When Amelia Allenby escaped a stifling London ballroom for the quiet solitude of the Derbyshire countryside, the very last thing she wanted was an extremely large, if—she grudgingly admits—passably attractive man disturbing her daily walks. Lecturing the surveyor about property rights doesn’t work and, somehow, he has soon charmed his way into lemon cakes, long walks, and dangerously heady kisses.
The very last place Sydney wished to be was in the shadow of the ruins of Pelham Hall, the inherited property that stole everything from him. But as he awaits his old friend, the Duke of Hereford, he finds himself increasingly captivated by the maddeningly lovely and exceptionally odd Amelia. He quickly finds that keeping his ownership of Pelham Hall a secret is as impossible as keeping himself from falling in love with her.
But when the Duke of Hereford arrives, Sydney’s ruse is revealed and what started out as a delicate deception has become a love too powerful to ignore. Will they let a lifetime of hurt come between them or can these two lost souls find love and peace in each other?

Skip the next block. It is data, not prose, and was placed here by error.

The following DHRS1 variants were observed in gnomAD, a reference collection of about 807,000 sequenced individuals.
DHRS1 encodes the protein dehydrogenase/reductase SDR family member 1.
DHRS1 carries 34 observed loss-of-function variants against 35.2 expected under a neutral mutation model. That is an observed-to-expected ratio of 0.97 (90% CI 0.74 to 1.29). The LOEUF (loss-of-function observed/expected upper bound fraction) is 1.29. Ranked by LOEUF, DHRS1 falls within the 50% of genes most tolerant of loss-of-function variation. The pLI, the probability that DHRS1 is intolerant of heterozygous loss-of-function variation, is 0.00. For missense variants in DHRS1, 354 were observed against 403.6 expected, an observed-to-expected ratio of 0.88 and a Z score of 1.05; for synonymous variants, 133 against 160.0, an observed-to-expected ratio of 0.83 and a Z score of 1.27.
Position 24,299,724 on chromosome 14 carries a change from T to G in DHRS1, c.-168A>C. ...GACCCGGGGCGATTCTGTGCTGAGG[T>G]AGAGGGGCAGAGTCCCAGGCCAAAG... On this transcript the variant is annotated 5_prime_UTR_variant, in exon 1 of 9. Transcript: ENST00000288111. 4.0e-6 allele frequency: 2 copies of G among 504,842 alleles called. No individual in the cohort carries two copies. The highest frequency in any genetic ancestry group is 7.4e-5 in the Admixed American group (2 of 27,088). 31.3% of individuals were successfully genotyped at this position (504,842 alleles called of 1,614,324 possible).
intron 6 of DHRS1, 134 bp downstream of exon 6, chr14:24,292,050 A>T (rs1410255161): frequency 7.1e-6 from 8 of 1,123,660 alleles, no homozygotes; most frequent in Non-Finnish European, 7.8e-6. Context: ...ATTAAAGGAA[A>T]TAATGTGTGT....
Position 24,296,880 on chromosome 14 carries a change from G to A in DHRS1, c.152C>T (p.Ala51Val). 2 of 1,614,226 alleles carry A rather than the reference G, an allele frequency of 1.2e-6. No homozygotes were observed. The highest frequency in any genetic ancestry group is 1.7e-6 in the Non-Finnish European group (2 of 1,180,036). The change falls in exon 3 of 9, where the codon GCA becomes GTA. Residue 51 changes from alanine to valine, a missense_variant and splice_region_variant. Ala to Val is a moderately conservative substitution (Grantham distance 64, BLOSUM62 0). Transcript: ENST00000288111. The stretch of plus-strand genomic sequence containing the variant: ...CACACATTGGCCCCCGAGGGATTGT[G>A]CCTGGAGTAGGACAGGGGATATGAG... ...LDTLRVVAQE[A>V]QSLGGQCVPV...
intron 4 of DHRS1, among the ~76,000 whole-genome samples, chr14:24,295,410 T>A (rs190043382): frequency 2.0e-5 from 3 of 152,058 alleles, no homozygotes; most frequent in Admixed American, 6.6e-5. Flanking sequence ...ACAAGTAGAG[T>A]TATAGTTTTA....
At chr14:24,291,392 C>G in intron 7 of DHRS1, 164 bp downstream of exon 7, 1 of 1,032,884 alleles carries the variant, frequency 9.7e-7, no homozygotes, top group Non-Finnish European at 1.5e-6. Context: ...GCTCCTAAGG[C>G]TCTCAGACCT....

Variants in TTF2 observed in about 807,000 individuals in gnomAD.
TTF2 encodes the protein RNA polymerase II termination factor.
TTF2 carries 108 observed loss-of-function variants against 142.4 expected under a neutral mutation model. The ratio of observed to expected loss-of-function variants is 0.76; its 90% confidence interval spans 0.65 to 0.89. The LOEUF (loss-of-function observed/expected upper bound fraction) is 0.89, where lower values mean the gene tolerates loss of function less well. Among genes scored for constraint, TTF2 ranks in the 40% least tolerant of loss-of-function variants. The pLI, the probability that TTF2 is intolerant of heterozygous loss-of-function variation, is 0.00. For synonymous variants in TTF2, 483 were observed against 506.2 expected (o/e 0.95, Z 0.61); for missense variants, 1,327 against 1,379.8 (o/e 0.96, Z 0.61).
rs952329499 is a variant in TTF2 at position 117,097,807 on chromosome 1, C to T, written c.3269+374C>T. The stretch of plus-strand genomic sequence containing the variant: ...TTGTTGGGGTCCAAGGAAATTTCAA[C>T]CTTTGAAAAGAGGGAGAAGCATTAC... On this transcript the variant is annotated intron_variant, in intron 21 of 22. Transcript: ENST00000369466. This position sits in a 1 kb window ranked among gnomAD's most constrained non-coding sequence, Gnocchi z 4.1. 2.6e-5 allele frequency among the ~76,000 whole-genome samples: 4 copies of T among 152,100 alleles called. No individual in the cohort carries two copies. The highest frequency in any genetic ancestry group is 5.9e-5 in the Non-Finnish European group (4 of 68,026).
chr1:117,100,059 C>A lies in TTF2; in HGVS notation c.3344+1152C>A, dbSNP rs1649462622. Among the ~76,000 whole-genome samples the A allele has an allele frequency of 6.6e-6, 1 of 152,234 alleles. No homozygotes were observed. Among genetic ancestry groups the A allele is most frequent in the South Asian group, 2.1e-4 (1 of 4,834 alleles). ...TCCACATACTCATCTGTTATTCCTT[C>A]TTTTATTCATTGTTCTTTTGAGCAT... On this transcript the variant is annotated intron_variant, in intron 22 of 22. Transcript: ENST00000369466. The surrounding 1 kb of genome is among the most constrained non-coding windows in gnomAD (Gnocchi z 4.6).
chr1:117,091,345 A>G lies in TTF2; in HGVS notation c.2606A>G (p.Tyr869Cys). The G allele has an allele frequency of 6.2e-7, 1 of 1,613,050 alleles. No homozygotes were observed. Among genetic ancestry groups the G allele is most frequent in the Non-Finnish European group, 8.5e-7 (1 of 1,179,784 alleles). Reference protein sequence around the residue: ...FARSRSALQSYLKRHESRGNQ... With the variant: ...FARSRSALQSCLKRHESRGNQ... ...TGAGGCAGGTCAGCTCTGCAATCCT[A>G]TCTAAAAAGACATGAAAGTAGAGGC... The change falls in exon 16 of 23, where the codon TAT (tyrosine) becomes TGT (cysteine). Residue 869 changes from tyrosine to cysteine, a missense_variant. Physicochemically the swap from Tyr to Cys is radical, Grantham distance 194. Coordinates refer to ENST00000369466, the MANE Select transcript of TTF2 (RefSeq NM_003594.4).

Blurb taken from book blurb
Okay so, A Delicate Deception?
Two bisexual/pansexual characters + One introvert author/spinster + One softly damaged/emotional engineer = an amazing book that I enjoyed SO much.
I feel so bad that it took me so long to read and review this book 😅 Especially since it and the first book of the Cassie Tam series are so amazing.
While I wouldn’t class this book as a typical Sci-Fi novel is nonetheless occupies such a Sci-Fi space. I’m constantly in awe of the technology of these books and love the world building surrounding these sci-fi-mysteries.
This post is a mixed bag as I read The Big Over Easy a few months ago but only just recently finished Love for the cold-blooded and Very Good Lives. Additionally I am in the middle of choosing a few books to fit in the categories as well as finally getting around to reading my previously chosen ones (New Poet I’m looking at you).
I have previously read this book many years ago and liked it so much that I picked it for my book club choice. The book is my second hang read as I picked up my copy at a local book shop, the copy is a particularly large one which is itself large print. I usually dislike reading large print books but for the $2 that I paid for the book, I gladly put up with it.
If you have never read Fforde before, you will be surprised by the intertwining and extremely nuanced plots at play. I found with this book, that there were lots of little nods and jokes made about nursery rhymes and other such tales, some I got some I didn’t pick up until later when the reference was unmissable.